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A patchwork quilt across the pond, thanks to COVID-19.





Yesterday, I shared analysis that illustrated how excess deaths in the 2nd wave are dramatically lower (so far) in different regions of the UK. For example, whilst in the 1st wave London saw 9,578 net excess deaths, in the 2nd wave the number is only 53. This is not to underplay the huge demands that winter and COVID-19 put on the health services. It reflects rather the terrible burden that London suffered at the start of this crisis as a world city, at the centre of the so many travel and trade routes.


Across the pond at the same time, the news networks were carrying pictures of refridgerated trucks on the Brooklyn waterfront as the city's morgues were stretched beyond capacity. According to data from the CDC, an estimated 26,250 excess deaths occurred in New York City between March and June, just over 3 deaths for every 1,000 citizens. However, as we are now seeing in London, even though the pandemic threat continues, the number of excess deaths plummeted (thankfully) to around 600 in the 2nd half of the year.


But as we have seen from many sources, the pattern of the pandemic has been very different across the US states. Rather than distinctive waves, the number of excess deaths has continued to build throughout the year until by week 50 there were more than 400,000 excess deaths. Table 1 illustrates these patterns, breaking the pandemic era into 3 phases.


Table 1 - Timeline of excess deaths for each US state from weeks 12-50

Another way to visualise this is to look at when the most excess deaths occurred in every US state. Perhaps unexpectedly, this occurred for 13 states over the period from July to September. This at a time when European governments were reducing restrictions and encouraging citizens to travel and eat out, but in an increasingly masked world.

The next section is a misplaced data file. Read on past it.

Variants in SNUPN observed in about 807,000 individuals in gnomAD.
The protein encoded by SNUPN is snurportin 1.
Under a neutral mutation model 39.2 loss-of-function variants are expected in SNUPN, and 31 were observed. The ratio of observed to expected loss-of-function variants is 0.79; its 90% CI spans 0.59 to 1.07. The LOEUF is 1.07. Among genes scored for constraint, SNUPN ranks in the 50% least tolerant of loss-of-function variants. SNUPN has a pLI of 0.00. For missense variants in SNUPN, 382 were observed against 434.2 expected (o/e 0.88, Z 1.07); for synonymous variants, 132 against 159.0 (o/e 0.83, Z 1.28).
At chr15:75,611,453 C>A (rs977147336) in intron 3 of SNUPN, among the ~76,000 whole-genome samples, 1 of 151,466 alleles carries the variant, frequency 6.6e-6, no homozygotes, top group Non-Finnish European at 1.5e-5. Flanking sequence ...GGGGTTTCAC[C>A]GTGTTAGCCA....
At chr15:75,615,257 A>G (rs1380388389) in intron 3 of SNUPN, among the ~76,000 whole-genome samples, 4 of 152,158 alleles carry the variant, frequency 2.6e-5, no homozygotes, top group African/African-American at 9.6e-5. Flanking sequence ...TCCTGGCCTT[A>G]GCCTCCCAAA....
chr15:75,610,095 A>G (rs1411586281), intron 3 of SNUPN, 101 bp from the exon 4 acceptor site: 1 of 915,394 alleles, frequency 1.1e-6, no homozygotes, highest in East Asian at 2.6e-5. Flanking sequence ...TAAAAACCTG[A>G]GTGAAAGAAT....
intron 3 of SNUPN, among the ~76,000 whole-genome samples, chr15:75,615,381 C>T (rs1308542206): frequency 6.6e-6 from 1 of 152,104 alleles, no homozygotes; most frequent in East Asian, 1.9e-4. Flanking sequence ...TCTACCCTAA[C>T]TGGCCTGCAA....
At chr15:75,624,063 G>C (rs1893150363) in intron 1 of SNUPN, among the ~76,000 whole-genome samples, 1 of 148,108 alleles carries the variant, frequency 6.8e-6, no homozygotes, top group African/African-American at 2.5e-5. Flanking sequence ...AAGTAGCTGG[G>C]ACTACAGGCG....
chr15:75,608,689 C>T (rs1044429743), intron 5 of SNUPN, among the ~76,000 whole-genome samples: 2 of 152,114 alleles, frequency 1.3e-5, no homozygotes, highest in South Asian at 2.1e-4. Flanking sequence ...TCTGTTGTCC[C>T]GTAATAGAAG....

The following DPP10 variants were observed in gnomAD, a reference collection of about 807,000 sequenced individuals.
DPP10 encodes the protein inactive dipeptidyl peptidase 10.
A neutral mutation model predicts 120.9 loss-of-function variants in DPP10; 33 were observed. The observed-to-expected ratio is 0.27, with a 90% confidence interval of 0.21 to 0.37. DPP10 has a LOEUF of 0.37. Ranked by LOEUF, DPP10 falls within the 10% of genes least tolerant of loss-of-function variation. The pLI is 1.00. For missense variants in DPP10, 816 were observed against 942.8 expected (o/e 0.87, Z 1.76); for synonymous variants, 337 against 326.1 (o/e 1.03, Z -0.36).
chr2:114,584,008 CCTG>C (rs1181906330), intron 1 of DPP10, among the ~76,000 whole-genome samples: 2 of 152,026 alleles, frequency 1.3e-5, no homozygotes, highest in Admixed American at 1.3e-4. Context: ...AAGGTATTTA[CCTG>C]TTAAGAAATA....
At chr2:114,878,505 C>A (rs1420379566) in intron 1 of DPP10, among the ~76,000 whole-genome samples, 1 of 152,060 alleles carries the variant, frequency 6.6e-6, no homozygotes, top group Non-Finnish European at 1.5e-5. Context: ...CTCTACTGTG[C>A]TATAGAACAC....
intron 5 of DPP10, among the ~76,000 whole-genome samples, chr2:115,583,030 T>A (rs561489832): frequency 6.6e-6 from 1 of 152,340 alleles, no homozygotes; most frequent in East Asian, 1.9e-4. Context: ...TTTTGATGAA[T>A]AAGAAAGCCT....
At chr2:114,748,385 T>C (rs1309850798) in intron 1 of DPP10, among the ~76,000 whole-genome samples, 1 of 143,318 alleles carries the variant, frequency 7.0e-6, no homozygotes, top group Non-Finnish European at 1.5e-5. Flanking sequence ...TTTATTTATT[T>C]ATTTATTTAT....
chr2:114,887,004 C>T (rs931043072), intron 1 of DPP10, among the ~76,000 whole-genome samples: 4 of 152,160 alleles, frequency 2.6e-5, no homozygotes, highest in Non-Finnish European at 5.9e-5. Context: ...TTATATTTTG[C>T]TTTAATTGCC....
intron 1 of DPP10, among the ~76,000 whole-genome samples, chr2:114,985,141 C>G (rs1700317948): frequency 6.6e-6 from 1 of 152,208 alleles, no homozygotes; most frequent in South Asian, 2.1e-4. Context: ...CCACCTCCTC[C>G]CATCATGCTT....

Those 13 states in yellow would have been sweltering in the summer sun. Many environmental and behavioural factors were no doubt at work but a number of studies have indicated that while air conditioning would have made the temperature bearable, it may also have stoked the continuing pandemic.


And now as we move to the end of the year, it is mostly the inland states, more Red than Blue, that are seeing their worst phase of the pandemic. The CDC produces a weekly update on an ensemble of different projection models by leading institutions. The range of projections is a further 16-27K unexpected deaths across the USA over the next month.


The authorisations by the FDA in successive weeks for the Pfizer/BioNTech and Moderna vaccines are wonderful news but the roll-outs will take time. The target is to vaccinate 100 million by April, with the initial focus on the elderly and healthcare professionals. Clear and detailed analysis will lay bare the benefits as winter hardens.

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